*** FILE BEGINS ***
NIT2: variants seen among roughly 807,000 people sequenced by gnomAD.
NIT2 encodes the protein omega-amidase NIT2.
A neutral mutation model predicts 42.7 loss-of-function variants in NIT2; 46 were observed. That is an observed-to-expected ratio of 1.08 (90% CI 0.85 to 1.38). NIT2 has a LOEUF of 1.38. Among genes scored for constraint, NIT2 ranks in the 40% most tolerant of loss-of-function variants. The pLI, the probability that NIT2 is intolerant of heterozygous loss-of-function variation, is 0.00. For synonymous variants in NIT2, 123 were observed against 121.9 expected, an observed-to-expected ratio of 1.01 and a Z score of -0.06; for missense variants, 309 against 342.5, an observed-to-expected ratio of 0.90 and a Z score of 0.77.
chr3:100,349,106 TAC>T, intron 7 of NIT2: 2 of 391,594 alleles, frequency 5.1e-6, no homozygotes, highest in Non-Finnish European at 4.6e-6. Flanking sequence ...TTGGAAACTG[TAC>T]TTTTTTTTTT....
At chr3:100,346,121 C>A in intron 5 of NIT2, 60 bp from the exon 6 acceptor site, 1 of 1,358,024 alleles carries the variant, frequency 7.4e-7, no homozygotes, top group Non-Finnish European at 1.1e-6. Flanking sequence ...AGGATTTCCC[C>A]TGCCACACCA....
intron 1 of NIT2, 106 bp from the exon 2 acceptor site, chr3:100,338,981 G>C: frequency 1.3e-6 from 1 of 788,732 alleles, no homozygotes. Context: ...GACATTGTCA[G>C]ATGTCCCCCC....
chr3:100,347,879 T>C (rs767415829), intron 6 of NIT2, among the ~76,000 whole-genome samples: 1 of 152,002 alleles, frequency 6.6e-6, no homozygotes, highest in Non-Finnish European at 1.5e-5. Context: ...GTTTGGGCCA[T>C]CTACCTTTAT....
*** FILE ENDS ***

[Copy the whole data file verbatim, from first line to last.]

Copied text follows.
NIT2: variants seen among roughly 807,000 people sequenced by gnomAD.
NIT2 encodes the protein omega-amidase NIT2.
A neutral mutation model predicts 42.7 loss-of-function variants in NIT2; 46 were observed. That is an observed-to-expected ratio of 1.08 (90% CI 0.85 to 1.38). NIT2 has a LOEUF of 1.38. Among genes scored for constraint, NIT2 ranks in the 40% most tolerant of loss-of-function variants. The pLI, the probability that NIT2 is intolerant of heterozygous loss-of-function variation, is 0.00. For synonymous variants in NIT2, 123 were observed against 121.9 expected, an observed-to-expected ratio of 1.01 and a Z score of -0.06; for missense variants, 309 against 342.5, an observed-to-expected ratio of 0.90 and a Z score of 0.77.
chr3:100,349,106 TAC>T, intron 7 of NIT2: 2 of 391,594 alleles, frequency 5.1e-6, no homozygotes, highest in Non-Finnish European at 4.6e-6. Flanking sequence ...TTGGAAACTG[TAC>T]TTTTTTTTTT....
At chr3:100,346,121 C>A in intron 5 of NIT2, 60 bp from the exon 6 acceptor site, 1 of 1,358,024 alleles carries the variant, frequency 7.4e-7, no homozygotes, top group Non-Finnish European at 1.1e-6. Flanking sequence ...AGGATTTCCC[C>A]TGCCACACCA....
intron 1 of NIT2, 106 bp from the exon 2 acceptor site, chr3:100,338,981 G>C: frequency 1.3e-6 from 1 of 788,732 alleles, no homozygotes. Context: ...GACATTGTCA[G>C]ATGTCCCCCC....
chr3:100,347,879 T>C (rs767415829), intron 6 of NIT2, among the ~76,000 whole-genome samples: 1 of 152,002 alleles, frequency 6.6e-6, no homozygotes, highest in Non-Finnish European at 1.5e-5. Context: ...GTTTGGGCCA[T>C]CTACCTTTAT....